Solstice: the day the sun stands still (from the Latin)
Find all kinds of cool facts about the solstice today from National Geographic (you’ve all noticed I love these guys by now, I should hope?) I particularly enjoyed the mention of Newgrange, an incredibly cool Stone Age monument/tomb in Ireland which is 1000 years older than Stonehenge. When it was built, it was designed to exactly align with the winter solstice dawn. I visited it in summer, and it was still impressive then.
Here we come a wassailing
What’s the solstice without a touch of celebration? Despite my general fondness towards things historical, I haven’t tried either of these recipes yet. However, they look delicious and have very positive reviews, so taste at your own discretion.
Happy Holidays to all! This blog will be going on vacation until Jan. 2nd, 2010. May you and yours be safe, warm, merry, and curious this holiday season.
Tags: archaeology, art, diy, history, video/animation, writing
This does not, I suppose, technically qualify as archaeology.
However, in the theme of really-cool-bygone-stuff, I bring you: The Animated Bayeux Tapestry.
This is no substitute for getting to see the real thing–the sheer immensity of this tapestry just does not convey on a video clip. However, it’s a cunning piece of animation, and the foley artist involved clearly had a lot of fun with everything from the feasting noises to the horses to the ‘guuuuh’ and ‘gack’ sounds of battle. And if you’re looking for a way to liven up the story of 1066 and the Norman Conquest, this is a fun way to go about it.
Have I whetted your appetite for tapestries, Normans, or movie-making?
Britain’s Museum of Reading has a great site about the Bayeux Tapestry, including an activities page which made me grin. [Specifically the directions on how to make your own Norman soldier's helmet. (Halloween, anyone?)]
If it’s the sounds that really caught your fancy, check out Paul Orselli’s great recent blog post: Exhibit Designer’s Toolkit: Creating the Sounds of Gore and Squidge
And if you’re intrigued by the illustration style of the medieval tapestry, try your hand at the Historic Tale Construction Cit (presumably pronounced ‘kit’ as all ‘c’s are hard). Write and illustrate your own story using figures, settings, and beasts from the Bayeux Tapestry–careful, this is a hoot and dangerously addictive to those of us who grew up loving computer programs like Storybook Weaver. The image interface is pretty sound, too–you can resize and flip the image elements, as well as type captions, with the option to create several frames, save them, email them, and submit to a visitor-created gallery.
Tags: archaeology, art, history, museums in the news
There’s been a lot of fun stuff going on in the world to do with archaeology!
Upcoming local event if you’re in Boston:
Next week is Archaeology Week at the Museum of Science. Though The Discovery Museums sadly isn’t going to be there this year, we were last year and it was a blast. I highly recommend the Fair on Friday and Saturday. Hopefully we’ll see you there next year, too!
Awesome new discovery in England:
Just a few weeks ago, news broke of a hoard of Anglo-Saxon gold and metalwork found in a private farmer’s field by an amateur with a metal detector. More details on Huffington Post and more pictures on National Geographic.
For kid-friendly background on the Anglo-Saxons, check out the BBC Primary History site here, including activity suggestions on the Teacher Resources page.
There aren’t a lot of metal working simulation activities out there for kids–I intend to do some playing around with aluminum foil to see if I come up with anything fun, and if I do, I’ll be sure to post it.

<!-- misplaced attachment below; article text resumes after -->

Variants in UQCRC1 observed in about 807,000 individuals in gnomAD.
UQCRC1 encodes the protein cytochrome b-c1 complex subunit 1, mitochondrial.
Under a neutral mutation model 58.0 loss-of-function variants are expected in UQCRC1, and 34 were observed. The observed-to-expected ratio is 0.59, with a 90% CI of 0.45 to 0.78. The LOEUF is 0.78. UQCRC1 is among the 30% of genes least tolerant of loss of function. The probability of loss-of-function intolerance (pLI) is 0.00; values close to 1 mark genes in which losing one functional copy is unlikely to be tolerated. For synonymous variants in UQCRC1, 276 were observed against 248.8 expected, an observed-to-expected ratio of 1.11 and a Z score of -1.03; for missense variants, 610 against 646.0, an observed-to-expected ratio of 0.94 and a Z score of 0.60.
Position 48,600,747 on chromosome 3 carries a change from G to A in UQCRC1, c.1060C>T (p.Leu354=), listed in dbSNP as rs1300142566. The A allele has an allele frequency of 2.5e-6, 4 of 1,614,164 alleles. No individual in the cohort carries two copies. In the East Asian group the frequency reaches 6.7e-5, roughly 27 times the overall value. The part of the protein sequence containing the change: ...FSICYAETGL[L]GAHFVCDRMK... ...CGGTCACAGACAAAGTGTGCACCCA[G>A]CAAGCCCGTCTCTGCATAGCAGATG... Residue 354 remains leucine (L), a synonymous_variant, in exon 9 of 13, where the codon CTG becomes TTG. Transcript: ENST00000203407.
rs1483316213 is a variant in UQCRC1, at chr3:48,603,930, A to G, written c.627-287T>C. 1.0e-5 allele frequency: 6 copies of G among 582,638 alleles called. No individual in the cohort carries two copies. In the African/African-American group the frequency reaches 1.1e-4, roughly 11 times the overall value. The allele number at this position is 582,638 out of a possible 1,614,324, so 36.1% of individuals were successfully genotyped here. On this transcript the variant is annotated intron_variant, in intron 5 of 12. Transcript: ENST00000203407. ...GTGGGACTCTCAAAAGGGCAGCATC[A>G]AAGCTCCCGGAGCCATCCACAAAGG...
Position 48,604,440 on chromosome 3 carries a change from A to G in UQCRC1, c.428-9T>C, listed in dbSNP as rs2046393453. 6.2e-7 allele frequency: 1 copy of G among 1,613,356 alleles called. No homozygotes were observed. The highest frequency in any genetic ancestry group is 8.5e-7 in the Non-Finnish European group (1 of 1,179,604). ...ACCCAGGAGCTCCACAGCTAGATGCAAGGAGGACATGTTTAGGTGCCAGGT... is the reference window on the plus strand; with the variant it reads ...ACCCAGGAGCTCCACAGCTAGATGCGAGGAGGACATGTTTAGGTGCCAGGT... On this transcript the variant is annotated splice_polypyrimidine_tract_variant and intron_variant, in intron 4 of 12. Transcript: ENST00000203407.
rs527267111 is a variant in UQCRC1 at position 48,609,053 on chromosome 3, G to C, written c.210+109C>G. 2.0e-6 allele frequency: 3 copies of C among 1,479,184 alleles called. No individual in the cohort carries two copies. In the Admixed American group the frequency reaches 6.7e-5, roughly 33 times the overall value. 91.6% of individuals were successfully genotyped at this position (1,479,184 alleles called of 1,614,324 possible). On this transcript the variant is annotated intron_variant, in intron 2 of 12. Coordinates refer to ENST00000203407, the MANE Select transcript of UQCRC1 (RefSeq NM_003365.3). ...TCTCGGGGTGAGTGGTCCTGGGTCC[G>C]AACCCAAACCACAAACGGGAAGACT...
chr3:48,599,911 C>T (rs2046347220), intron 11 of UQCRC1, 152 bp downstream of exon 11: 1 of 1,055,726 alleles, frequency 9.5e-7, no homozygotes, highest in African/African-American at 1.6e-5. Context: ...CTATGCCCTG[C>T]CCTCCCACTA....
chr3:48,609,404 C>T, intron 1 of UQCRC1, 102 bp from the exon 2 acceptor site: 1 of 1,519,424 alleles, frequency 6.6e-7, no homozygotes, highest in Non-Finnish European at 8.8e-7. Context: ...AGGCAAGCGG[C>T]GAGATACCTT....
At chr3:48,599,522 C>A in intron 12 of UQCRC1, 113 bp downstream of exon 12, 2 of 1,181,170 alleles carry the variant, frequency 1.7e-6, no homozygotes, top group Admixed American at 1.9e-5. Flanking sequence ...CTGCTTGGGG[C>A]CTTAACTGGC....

Archaeology as a Character in Art:
Have you ever heard of Goverthing, the lost New York settlement last seen around the mid-1950′s? Neither have most other people, but in a really neat confluence of art, imagination, and archaeology, visitors to Governor’s Island witnessed a dig uncovering this buried town. Playing with the ideas of how we look at history, what we believe based on what’s buried in the ground, and just how gullible people are or aren’t, this exhibition looks like it was a lot of fun.
Technically, of course, I should have waited for Thursday to make this post, but I’m jumping the gun a little so that people don’t miss cool stuff happening at the beginning of the month.
October is Archaeology Month in Massachusetts, which means that places all over the state from libraries to museums to historical sites to town councils are sponsoring or hosting archaeological activities for the next 30-odd days. (Some of them may be very odd, but don’t blame me!) There’s a calendar of events available on the website, and also a great collection of resources for educators, including books, websites, museum links, and links especially for kids. I don’t get the occasion to say this very often, but –Go Massachusetts Historical Commission!
If you’re curious, my museum, The Discovery Museums in Acton, is offering several archaeology themed programs this upcoming month:
Thursday, October 8
Uncovering the Past
3:00 PM Science Discovery
Uncover various artifacts and food remains including historic pottery, bottles, animal bones and seeds during a mock midden dig led by archaeologist Marty Dudek. Middens, the remains of old trash heaps, are important archeological sites. Try your hand at mending pottery, identifying vessel forms and measuring their size. Identify animal bones and recover seeds through flotation or water sifting. Find out about basic excavation and recovery methods and discover how archeologists learn about diet. This program is sponsored by Red Hat, Inc.
Monday October 12
Preschool Archaeology Dig
10:00 AM Children’s Discovery
Come explore our mock archaeology dig site. What will you discover? Use your “artifacts” to make an artistic collage to commemorate your adventure.
Tuesday, October 27
Pound Like an Egyptian: Papyrus Paper Making
3:00 PM Science Discovery
From the banks of the Nile all the way to The Discovery Museums—these strips of papyrus have a fascinating story. Celebrate the feast of Thoth with us today, and learn about the way ancient Egyptians used papyrus paper. Experiment with different techniques to make your own piece to take home!
So keep your eyes open for other archaeology-related posts throughout October!